Nicole Beharie Went To Juilliard!!
And she also trained at Oxford at Balliol College!! She studied Shakespeare!
*and here comes the snob in me* She is a Balliol girl?…Right! Everyone go home IMMEDIATELY!
Rarely do you see an African American woman, in theater, that is leading in a musical that is of present day. Rarely. I mean, if you can think of one, let me know. Black women work in theater in all different aspects, comedy, drama, farce, everywhere. But there aren’t any modern musicals written today that African American women are leading in. And I don’t know why that is honestly. - LaChanze
One of the earliest Black superstars, singer Florence Mills (1896-1927) on August 1, 1923 in ‘Dover Street to Dixie’ at the London Pavilion. Best known as the lead in the first all-black Broadway musical, “Shuffle Along” in 1921, Ms. Mills sudden death in 1927 at the height of her popularity devastated her friends and fans in the United States and Europe. An estimated 150,000 people lined the streets of Harlem to mourn her passing. Photo: Bassano/National Portrait Gallery, London.
Young playwrights are usurped by theaters so quickly they don’t have time to develop a voice. When you’re so quickly absorbed, you don’t feel that tension, that struggle to define and assert one’s voice, and that ultimately shapes what we see on stage.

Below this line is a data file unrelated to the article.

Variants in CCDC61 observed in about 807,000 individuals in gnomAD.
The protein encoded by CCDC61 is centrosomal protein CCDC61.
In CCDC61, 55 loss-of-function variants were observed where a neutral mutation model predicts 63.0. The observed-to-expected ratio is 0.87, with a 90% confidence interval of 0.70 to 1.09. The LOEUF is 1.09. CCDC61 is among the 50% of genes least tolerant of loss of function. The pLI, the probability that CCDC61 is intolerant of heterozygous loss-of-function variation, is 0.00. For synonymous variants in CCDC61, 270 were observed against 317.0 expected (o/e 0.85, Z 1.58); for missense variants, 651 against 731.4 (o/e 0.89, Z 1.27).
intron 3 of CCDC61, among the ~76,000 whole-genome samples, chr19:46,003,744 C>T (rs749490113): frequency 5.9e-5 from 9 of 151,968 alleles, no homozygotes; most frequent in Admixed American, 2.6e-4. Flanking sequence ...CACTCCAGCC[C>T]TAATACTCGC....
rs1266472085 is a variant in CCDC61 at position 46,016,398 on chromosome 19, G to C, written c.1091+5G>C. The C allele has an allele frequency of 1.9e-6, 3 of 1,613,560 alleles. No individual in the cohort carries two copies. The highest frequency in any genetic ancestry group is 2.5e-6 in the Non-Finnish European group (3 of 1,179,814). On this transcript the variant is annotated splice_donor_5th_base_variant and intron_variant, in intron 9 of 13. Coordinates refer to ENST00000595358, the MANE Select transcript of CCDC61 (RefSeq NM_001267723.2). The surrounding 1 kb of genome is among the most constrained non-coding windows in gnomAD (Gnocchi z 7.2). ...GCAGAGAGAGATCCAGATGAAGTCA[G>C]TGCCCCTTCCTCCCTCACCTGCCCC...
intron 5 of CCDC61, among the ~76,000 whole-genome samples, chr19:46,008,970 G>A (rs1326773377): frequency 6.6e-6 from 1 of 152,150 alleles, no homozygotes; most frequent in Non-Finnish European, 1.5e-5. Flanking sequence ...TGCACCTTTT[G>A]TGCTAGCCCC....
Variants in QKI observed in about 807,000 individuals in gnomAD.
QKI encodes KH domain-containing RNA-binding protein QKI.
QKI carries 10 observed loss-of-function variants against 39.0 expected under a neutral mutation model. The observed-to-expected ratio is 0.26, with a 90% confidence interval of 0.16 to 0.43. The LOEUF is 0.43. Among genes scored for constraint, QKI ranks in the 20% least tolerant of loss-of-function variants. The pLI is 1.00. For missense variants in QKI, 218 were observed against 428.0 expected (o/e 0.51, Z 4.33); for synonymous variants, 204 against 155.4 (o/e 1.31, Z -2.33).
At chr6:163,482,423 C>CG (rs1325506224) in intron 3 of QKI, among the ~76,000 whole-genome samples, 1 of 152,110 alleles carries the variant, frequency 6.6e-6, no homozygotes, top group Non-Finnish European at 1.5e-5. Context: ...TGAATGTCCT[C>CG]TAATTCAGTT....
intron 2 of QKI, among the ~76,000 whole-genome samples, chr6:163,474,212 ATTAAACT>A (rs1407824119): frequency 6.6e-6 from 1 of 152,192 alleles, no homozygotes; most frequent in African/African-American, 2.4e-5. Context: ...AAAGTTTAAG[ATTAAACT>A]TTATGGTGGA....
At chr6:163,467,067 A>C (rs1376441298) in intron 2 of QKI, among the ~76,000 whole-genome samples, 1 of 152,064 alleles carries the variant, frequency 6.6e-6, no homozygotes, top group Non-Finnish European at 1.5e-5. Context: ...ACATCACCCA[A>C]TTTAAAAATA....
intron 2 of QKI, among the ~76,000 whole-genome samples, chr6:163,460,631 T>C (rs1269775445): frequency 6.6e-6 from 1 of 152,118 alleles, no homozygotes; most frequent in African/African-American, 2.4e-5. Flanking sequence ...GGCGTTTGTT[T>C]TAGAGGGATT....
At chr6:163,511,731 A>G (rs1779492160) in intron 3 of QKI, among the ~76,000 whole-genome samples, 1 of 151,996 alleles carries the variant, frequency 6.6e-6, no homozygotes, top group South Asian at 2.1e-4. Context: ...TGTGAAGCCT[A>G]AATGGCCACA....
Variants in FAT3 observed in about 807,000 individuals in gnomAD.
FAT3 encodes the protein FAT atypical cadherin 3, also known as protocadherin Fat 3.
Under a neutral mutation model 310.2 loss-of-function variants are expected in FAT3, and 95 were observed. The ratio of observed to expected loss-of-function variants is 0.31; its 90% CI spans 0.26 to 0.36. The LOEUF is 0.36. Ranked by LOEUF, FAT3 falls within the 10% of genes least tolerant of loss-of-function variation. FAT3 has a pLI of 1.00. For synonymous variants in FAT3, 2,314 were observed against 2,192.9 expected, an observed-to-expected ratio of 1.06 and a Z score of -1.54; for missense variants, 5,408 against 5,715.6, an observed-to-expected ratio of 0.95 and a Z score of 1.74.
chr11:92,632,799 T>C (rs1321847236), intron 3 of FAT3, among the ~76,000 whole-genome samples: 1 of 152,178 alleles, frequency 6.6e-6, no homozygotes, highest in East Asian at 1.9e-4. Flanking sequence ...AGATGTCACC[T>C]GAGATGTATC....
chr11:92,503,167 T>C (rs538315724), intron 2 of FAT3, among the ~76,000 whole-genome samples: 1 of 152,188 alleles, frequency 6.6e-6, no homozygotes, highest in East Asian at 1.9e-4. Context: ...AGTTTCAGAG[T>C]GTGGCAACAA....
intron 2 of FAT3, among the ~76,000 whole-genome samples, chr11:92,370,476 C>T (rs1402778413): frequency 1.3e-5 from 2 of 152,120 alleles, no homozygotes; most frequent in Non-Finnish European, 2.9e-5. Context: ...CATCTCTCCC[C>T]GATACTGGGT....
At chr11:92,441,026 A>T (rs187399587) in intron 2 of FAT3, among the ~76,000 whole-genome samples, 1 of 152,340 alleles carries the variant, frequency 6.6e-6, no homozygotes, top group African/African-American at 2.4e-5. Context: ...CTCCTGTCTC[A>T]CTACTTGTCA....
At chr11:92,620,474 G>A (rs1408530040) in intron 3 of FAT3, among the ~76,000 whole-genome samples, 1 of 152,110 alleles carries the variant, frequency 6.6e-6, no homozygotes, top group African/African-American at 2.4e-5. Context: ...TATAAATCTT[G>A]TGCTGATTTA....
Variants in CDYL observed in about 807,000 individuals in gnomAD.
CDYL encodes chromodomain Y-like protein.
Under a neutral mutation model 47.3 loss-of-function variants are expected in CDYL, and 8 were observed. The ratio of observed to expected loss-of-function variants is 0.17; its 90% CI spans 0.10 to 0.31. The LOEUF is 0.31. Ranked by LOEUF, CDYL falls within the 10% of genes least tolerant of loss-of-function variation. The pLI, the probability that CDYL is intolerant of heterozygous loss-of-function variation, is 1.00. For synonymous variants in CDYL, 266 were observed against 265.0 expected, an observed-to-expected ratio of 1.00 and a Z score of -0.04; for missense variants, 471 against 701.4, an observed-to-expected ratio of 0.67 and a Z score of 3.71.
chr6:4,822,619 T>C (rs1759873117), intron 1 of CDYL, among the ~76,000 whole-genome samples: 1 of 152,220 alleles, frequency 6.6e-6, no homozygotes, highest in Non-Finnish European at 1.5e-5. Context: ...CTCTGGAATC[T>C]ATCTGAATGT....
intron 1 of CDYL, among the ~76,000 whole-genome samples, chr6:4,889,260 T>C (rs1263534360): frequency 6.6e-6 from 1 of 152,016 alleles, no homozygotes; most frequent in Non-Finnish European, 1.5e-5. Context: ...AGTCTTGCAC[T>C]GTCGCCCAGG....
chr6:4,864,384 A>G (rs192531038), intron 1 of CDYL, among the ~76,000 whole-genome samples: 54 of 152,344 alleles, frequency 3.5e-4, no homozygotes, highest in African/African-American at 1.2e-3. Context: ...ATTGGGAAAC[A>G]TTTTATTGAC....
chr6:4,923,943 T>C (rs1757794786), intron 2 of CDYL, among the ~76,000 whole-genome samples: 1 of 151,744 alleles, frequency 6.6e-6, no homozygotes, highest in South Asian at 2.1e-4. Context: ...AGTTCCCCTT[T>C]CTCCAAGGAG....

August Wilson’s Fences is one of those texts that had a tremendous impact on my life. The first time I read it I was in graduate school, and I then spent the next week or so reading and re-reading it. It is that powerful.
And then when I finally had an opportunity to witness the Broadway production, I was even more moved. And a number of great African American actors—James Earl Jones, Laurence Fishburne, and Denzel Washington, to name a few—have played the role of Troy Maxson masterfully.
If you have not read the book and/or seen the Broadway production, you are missing something wonderful very wonderful. You need this in your life.
Black theater pioneers Bob Cole (l) and J. Rosamond Johnson (r), ca. 1890(?). The two men were part of a trio that included Rosamond’s brother James Weldon Johnson. Together they wrote over 200 songs and performed for audiences in the United States and Europe. The trio steered audiences away from the degrading “coon songs” that were popular during the mid 1880s to early 1900s by offering music that was sophisticated, refined and free of stereotypes. In 1900, Rosamond composed music for one of James Weldon’s poems. The piece was entitled Lift Every Voice and Sing.
Photographer, date unknown.